"I was trying to get anorexia," the teen-age girl confided to a therapist. "But I didn't. So instead I got bulimia."
The youngster was very complacent about the eating disorder she had "gotten," Dr. Sue Bailey said recently, suggesting that despite their potential for sudden death, "even having these diseases is a fad. They are the in thing to have."
Bailey heads the Eating Disorders Clinic at the Washington Hospital Center and, in a survey she made recently of teen-agers -- 13- to 19-year-olds -- at three private schools in the Washington area, she discovered a widespread attitude that the disorders were no more than another way to diet. As many as 45 percent of college freshmen said they would consider trying bulimia to lose weight, and on that college campus she discovered the existence of so-called "pig-out parties" at which about 10 young women were engaging regularly in group gorge-and-purge routines as an acceptable, even attractive, method of weight maintenance.
Anorexia is a condition of self-starving and obsessive exercise combined with a body image perception so distorted that the merest curve is regarded as repugnant fat to be eliminated at all cost. "All cost" is sometimes the life of the anorexic.
Anorexics are skeletal in appearance, often looking younger than they are, losing the normal early signs of femininity that they perceive as fatness. Many either stop menstruating or fail to start. Some damage their reproductive systems.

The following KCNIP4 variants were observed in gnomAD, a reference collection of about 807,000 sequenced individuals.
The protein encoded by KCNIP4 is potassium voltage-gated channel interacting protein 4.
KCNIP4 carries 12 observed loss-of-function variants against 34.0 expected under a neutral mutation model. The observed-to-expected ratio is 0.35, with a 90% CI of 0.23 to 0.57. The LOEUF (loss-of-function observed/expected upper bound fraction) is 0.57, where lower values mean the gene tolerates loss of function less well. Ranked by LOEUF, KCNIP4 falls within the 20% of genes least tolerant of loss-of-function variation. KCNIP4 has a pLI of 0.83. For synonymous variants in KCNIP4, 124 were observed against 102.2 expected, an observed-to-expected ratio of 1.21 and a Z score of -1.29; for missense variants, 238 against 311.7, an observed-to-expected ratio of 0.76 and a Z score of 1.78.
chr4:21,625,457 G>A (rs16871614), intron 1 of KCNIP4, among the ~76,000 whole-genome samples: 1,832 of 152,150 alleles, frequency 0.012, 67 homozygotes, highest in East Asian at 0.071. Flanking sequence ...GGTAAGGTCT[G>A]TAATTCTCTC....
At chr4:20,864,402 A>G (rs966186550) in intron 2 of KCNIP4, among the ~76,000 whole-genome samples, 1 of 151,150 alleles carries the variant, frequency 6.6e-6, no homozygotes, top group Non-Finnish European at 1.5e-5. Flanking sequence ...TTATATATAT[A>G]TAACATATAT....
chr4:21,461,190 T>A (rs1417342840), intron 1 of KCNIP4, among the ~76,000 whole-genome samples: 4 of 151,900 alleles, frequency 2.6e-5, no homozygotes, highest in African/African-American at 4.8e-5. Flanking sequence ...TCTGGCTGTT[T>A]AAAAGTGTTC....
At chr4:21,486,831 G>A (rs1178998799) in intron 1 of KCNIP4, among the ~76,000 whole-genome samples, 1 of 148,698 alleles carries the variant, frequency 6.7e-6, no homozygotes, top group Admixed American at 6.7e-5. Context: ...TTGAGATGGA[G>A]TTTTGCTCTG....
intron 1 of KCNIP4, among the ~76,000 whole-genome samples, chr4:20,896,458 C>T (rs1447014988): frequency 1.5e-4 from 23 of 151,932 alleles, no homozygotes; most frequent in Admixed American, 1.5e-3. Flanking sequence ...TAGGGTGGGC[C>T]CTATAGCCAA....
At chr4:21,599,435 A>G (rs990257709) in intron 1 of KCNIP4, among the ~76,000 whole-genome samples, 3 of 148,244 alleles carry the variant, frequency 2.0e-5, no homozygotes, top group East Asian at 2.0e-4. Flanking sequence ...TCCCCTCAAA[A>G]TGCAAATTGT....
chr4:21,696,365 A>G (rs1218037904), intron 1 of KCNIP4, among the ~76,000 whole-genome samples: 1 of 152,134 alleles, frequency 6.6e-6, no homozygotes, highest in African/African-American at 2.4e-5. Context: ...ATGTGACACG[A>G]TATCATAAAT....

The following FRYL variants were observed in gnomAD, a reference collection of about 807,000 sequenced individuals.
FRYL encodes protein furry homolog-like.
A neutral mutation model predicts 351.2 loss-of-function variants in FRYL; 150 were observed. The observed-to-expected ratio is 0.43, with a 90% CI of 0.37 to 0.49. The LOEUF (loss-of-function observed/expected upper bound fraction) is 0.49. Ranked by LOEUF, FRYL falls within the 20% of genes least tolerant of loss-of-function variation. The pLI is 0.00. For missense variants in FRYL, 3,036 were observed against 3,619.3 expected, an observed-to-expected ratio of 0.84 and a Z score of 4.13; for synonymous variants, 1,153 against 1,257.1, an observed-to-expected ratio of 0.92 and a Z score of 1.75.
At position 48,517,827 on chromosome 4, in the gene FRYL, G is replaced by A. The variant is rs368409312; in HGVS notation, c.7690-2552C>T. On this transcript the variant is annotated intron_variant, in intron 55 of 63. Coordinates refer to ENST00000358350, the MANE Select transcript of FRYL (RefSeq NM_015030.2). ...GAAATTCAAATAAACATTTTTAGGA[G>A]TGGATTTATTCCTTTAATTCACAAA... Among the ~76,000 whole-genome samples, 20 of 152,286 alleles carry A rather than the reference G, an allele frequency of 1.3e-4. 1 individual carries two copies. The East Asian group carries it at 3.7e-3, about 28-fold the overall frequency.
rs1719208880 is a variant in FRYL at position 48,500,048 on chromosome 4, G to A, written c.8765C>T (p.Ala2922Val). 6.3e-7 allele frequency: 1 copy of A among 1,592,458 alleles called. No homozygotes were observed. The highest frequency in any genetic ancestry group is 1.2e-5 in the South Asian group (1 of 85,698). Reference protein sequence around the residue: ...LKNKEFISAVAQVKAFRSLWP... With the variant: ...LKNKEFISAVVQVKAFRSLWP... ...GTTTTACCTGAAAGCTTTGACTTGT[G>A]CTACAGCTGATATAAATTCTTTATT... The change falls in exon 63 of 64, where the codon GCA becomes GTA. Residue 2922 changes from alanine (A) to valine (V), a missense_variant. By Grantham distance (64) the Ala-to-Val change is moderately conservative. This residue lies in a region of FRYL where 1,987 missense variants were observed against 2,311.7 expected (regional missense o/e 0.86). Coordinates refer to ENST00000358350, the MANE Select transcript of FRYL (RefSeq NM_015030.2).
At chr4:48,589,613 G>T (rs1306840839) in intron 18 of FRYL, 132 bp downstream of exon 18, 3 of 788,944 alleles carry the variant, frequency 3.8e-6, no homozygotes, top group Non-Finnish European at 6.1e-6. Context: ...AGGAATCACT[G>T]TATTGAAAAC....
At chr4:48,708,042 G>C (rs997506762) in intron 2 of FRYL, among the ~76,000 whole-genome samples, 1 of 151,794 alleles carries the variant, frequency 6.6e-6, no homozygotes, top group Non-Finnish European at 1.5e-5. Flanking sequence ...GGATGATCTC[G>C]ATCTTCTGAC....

Bulimia is the obsessive, repeated cycle of binging enormous amounts of fattening foods -- cakes, candy, breads, french fries, cookies, butter by the stick, eventually anything that can be stuffed into the mouth, sometimes 20,000 or more calories in one sitting -- and then purging it either by self-induced vomiting, laxatives or diuretics.
Bulimia is also accompanied by distorted body image and a phobic attitude toward becoming fat. Bulimics may or may not appear anorexic in appearance. The conditions may coexist, as, it is believed, they did in the late singer Karen Carpenter, who died in 1983. But even when bulimics are at normal weight, the disorder is potentially lethal. Both bulimia and anorexia involve addictive behaviors; once entrenched, they are as difficult to withdraw from as any drug.